Off Season Tourist - India Indian Institute of Management, Calcutta
Two weeks in India, 2003 Notes from the Off Season Tourist
Jaipur, the Pink City
Wild Peacocks cawing outside our bedroom window

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We arrived in Jaipur at night. Although this is known as the pink city, at night the colour of the buildings is obscured by the throngs of people. Sanju calmy winds his way through hectic roundabouts and acute angled road junctions. Along the middle of the roads we glimpse, through subtle candlelight, shrines which have been designed for drive by worship; presumably when traffic moves so slowly that people have time to pay for garlands of marigold to leave for the next car to cover with the sand that drifts constantly across the road.

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The Jaipur Palace Hotel

Massive lit up cinema posters, multistory bazaars, and a chaotic streem of traffic light up the streets until Sanju takes two small roads that lack any lighting at all. He slowly maneuvers the car around a huge pile of sand, perhaps from construction or maybe from the work of the wind, and pulls into a tiny driveway to the Jaipur Palace hotel. He has the coupons from Javed that are used to pay for this hotel so at no time do we discover how much this hotel would actually cost. Any concerns we had that Javed had found us the cheapest of hotels are assuaged the moment we step out of the car. Two men appear in red turbans and matching uniforms of white with a print of short random angled lines of red and green. They carry our rucksacks uncomfortably, pretending they are suitcases, up three flights of stairs to the stunning suite they have selected for us.

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Our Jaipur Suite
The doors in this hotel have a center split and are hinged on both sides allowing the men to withdraw backwards from the room, using both hands to close the door before them. We slide the bar with the padlock into place for some sense of privacy. The room is huge and airy. Despite the fact that it is night, despite the white walls with light colored highlight patterns, and despite the lack of carpeting on the floor the room is really warm. A noisy air conditioner is fired up and a sock is jammed into the mechanism that is meant to circulate the air around the room so that the cold air flows only over the huge four poster bed. The mattress is, now unsurprisingly, slightly softer than the tile that covers all four walls, floor and ceiling of the bathroom.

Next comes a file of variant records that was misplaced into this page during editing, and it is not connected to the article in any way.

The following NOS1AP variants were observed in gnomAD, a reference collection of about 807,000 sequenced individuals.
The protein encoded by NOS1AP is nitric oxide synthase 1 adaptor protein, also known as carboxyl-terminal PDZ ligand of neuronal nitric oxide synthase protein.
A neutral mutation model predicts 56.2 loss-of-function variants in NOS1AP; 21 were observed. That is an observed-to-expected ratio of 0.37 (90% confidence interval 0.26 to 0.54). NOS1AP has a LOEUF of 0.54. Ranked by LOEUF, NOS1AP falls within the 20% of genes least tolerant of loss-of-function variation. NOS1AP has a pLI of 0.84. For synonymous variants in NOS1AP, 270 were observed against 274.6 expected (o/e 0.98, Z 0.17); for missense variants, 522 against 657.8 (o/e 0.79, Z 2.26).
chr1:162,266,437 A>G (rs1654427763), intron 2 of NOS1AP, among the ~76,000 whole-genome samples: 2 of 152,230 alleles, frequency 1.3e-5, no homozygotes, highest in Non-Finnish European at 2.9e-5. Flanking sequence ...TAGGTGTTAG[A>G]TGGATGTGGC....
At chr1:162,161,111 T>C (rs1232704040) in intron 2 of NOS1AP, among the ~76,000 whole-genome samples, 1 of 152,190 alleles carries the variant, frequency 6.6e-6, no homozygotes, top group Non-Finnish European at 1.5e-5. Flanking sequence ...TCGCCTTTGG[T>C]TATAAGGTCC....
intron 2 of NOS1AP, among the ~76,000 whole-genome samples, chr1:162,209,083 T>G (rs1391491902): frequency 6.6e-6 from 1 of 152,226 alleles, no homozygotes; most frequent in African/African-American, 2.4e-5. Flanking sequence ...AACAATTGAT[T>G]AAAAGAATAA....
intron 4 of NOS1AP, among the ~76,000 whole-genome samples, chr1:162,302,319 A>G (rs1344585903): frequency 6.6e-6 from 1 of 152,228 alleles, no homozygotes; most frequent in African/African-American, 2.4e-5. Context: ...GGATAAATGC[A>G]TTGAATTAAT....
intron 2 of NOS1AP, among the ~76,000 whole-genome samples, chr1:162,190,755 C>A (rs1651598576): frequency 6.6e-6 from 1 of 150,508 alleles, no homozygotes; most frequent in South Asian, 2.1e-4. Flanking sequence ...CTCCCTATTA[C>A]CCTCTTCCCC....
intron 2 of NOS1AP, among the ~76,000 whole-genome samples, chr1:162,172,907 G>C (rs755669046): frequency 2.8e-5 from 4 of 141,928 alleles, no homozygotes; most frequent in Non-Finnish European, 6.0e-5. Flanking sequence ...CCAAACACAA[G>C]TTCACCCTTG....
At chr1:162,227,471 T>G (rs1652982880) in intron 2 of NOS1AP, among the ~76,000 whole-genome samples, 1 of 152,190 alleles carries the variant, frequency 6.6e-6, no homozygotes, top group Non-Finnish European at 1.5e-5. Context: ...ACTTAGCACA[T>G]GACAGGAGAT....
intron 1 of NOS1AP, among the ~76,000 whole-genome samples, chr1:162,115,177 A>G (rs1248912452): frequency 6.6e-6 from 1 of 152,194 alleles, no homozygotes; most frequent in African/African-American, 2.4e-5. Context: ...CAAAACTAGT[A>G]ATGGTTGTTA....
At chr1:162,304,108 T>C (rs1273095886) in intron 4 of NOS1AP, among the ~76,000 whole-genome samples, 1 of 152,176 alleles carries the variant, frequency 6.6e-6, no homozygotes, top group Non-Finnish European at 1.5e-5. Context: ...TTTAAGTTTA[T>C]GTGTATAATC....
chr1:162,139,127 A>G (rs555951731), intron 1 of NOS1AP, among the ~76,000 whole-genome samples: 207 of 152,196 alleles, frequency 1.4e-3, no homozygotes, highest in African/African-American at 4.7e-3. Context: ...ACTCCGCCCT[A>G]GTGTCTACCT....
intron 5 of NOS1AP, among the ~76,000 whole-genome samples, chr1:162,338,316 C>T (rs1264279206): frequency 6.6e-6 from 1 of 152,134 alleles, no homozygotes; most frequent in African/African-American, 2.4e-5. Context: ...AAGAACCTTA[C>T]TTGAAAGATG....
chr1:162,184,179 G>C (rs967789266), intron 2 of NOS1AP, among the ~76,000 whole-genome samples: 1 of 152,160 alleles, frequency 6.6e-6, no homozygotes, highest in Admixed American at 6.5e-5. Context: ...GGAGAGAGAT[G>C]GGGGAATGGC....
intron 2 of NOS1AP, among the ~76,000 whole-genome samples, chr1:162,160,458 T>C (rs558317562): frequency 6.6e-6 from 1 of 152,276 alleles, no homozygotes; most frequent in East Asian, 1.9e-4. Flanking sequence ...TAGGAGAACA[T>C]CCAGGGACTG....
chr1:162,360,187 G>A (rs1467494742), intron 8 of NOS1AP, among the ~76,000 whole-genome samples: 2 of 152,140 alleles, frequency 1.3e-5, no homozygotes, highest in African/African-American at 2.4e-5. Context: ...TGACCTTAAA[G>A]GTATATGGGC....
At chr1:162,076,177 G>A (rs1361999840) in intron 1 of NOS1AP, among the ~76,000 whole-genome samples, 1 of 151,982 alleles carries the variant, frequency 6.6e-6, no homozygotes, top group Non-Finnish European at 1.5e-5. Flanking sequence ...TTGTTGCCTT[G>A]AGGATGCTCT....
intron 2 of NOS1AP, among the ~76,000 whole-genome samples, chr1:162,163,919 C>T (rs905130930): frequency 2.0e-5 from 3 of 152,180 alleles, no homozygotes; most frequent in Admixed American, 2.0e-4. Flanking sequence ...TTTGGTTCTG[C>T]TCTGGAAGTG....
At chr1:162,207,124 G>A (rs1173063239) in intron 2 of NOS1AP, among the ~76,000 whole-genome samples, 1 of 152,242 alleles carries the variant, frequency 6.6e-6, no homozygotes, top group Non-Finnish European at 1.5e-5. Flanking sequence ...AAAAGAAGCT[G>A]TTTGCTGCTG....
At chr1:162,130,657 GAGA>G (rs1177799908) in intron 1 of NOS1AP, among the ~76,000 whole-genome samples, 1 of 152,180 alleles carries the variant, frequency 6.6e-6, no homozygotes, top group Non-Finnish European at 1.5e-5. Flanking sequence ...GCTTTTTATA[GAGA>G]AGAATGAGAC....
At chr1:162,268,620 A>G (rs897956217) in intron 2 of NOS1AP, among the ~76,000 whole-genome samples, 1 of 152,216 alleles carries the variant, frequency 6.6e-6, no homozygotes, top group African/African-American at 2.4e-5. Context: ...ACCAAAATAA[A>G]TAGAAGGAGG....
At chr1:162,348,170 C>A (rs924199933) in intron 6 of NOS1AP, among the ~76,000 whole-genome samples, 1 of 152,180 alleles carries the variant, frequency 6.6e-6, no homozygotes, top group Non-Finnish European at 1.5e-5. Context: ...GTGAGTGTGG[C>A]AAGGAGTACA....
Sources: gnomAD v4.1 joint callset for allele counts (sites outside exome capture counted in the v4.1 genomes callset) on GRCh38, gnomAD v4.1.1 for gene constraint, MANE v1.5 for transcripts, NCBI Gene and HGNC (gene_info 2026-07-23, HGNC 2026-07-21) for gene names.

In the morning a peacock caws on the roof next to our window and we discover why the bathroom is entirely tiled: there is a drain for the shower in the floor and all the water flows directly into it. We are making a relatively early start and, after we finish with breakfast served by one of about 8 uniformed staff that we see this morning, Sanju is waiting across the road in the car. We have not seen any other guests in the hotel and it appears that the ratio of workers to guests is seriously imbalanced. We wonder briefly where Sanju stayed the previous night, but he preepmts questions by asking where we wish to go. Our plan is to see the Amber Fort in the outskirts of the city, but Sanju convinces us to stop at the Hawa Mahal before leaving the city for the day.

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The Hawa Mahal - the Wind Palace

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Arches in the Hawa Mahal
As we pay our entrance fee we are asked to pay an additional fee for the camera; the fee is twice the cost of our own entrance, so we say we do not have one, an unbelievable statement from any tourist, and attempt not to use the small digital camera secreted in a pocket. Hawa we discover means wind, and this wind palace lives up to its name. The facade is very narrow and has numerous windows which act as vents, so the wind whips around the bulbous surface. Royal women used to sit in the windows of the Hawa Mahal to watch parades below so that they could watch the men without being observed themselves. Looking away from the main road in front of this palace we can see the City Palace and the Jaipur Observatory, that was built in 1718.

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Hawa Mahal
There is not much to see in the palace, but we are intrigued by the fact that, instead of building staircases to go up and down, the entire palace is ramped. The stones of the ramp are also grooved and we discover that this is so that hooved feet could grip the ground as they pull carts of supplies, or perhaps even carry people themselves from floor to floor like avery early elevator.

We are soon driving through the city toward the Amber Fort. We see our first elephants by the side of the road and also see an increased use of the camel as a beast of burden. We are used to seeing pictures of the camel in single file, walking through deserts, so they seem out of character pulling carts behind them. There is also the fact that they don't appear to move any slower pulling huge loads than they do with their regular waking pace. It is as if these massive weights mean nothing to the muscles that are the length of a 10 year old child.